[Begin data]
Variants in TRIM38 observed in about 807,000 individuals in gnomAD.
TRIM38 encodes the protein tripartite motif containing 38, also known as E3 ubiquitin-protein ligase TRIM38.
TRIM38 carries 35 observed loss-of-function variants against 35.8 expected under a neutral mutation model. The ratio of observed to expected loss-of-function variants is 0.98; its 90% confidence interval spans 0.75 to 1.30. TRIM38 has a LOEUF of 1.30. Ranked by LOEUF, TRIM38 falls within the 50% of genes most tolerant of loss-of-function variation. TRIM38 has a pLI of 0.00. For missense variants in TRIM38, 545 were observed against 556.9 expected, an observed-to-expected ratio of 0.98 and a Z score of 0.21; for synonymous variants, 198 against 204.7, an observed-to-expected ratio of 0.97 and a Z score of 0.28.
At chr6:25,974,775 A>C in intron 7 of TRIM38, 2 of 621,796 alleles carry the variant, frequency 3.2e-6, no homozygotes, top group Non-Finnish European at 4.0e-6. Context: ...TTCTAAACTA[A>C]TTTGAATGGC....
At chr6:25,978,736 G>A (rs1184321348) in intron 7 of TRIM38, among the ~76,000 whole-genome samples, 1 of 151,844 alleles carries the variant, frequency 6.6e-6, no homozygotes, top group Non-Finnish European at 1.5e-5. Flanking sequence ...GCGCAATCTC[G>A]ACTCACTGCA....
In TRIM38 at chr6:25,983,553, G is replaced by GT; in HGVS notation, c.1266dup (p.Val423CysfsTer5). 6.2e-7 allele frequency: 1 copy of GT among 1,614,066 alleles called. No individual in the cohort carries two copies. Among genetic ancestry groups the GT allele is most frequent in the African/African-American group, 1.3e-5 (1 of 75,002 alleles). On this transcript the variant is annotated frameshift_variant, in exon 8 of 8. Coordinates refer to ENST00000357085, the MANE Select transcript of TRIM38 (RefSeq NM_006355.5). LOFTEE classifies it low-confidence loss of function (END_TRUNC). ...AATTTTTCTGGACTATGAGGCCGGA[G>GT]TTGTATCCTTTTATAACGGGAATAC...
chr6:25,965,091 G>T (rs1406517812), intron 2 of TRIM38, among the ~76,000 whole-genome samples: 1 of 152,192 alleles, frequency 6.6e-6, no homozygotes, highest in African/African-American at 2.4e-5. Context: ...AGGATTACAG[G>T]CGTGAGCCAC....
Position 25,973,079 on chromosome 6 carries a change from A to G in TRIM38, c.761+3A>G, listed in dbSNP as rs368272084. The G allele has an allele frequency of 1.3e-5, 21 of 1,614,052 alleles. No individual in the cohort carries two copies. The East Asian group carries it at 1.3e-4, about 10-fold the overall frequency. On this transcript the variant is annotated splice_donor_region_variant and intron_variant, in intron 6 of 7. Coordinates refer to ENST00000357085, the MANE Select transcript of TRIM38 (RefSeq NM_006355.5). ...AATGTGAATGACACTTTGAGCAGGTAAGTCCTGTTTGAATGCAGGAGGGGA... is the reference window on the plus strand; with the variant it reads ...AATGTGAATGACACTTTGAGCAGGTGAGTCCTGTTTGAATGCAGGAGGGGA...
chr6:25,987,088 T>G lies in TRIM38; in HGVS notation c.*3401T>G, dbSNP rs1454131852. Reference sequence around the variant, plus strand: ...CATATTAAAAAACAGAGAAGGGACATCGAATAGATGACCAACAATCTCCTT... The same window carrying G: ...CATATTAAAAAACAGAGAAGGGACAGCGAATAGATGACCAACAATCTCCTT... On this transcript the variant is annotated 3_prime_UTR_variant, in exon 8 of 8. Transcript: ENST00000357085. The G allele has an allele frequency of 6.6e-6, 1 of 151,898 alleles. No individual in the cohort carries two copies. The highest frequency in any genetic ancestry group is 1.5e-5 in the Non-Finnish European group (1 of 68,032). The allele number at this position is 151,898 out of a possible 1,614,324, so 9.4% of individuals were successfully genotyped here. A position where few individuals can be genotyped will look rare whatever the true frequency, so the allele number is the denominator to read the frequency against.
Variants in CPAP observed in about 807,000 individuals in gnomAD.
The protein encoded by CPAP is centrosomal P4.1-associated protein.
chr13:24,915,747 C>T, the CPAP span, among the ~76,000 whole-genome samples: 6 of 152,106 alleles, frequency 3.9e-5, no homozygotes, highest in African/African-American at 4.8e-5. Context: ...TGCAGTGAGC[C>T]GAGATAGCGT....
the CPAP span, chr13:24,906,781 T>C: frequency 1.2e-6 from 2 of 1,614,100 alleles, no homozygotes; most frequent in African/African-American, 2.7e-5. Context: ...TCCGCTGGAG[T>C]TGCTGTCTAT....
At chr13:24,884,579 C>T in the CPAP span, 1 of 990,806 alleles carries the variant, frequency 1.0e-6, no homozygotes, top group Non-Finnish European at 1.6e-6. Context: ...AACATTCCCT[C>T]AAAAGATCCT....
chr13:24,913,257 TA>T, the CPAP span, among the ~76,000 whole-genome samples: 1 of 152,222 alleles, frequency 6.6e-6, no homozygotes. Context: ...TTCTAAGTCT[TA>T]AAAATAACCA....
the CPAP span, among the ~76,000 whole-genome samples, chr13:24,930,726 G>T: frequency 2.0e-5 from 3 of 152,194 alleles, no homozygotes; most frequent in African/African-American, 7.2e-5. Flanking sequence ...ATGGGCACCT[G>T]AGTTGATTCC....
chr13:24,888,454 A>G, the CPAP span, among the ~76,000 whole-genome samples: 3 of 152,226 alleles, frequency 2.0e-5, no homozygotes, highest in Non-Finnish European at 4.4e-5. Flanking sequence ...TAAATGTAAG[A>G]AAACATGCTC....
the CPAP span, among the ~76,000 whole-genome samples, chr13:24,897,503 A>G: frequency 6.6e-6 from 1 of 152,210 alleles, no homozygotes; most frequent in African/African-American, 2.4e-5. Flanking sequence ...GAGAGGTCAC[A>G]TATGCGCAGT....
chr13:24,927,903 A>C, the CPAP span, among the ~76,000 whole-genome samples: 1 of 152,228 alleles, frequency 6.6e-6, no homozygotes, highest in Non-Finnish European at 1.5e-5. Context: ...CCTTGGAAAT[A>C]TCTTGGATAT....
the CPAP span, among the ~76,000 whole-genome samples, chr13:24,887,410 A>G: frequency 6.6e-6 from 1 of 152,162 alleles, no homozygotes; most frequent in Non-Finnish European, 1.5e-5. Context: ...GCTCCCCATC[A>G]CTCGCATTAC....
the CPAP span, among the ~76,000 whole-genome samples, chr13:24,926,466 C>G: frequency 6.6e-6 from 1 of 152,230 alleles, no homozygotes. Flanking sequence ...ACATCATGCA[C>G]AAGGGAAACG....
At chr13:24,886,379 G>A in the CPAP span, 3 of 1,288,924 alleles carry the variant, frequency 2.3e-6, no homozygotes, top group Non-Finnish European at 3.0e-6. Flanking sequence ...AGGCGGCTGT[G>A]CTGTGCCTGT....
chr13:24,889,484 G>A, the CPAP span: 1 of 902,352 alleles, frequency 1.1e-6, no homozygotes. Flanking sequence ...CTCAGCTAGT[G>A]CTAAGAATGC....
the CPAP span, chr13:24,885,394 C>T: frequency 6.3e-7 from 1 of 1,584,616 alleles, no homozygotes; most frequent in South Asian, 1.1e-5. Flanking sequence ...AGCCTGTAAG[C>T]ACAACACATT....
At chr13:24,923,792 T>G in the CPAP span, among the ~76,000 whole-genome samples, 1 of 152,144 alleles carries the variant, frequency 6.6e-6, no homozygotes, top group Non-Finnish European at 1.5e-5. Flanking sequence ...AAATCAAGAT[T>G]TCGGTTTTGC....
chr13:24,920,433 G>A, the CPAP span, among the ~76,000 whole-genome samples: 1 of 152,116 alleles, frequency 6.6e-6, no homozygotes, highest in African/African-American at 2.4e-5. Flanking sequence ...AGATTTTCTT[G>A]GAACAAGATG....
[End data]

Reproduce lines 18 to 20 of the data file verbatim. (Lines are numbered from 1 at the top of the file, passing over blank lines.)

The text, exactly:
the CPAP span, among the ~76,000 whole-genome samples, chr13:24,897,503 A>G: frequency 6.6e-6 from 1 of 152,210 alleles, no homozygotes; most frequent in African/African-American, 2.4e-5. Flanking sequence ...GAGAGGTCAC[A>G]TATGCGCAGT....
chr13:24,927,903 A>C, the CPAP span, among the ~76,000 whole-genome samples: 1 of 152,228 alleles, frequency 6.6e-6, no homozygotes, highest in Non-Finnish European at 1.5e-5. Context: ...CCTTGGAAAT[A>C]TCTTGGATAT....
the CPAP span, among the ~76,000 whole-genome samples, chr13:24,887,410 A>G: frequency 6.6e-6 from 1 of 152,162 alleles, no homozygotes; most frequent in Non-Finnish European, 1.5e-5. Context: ...GCTCCCCATC[A>G]CTCGCATTAC....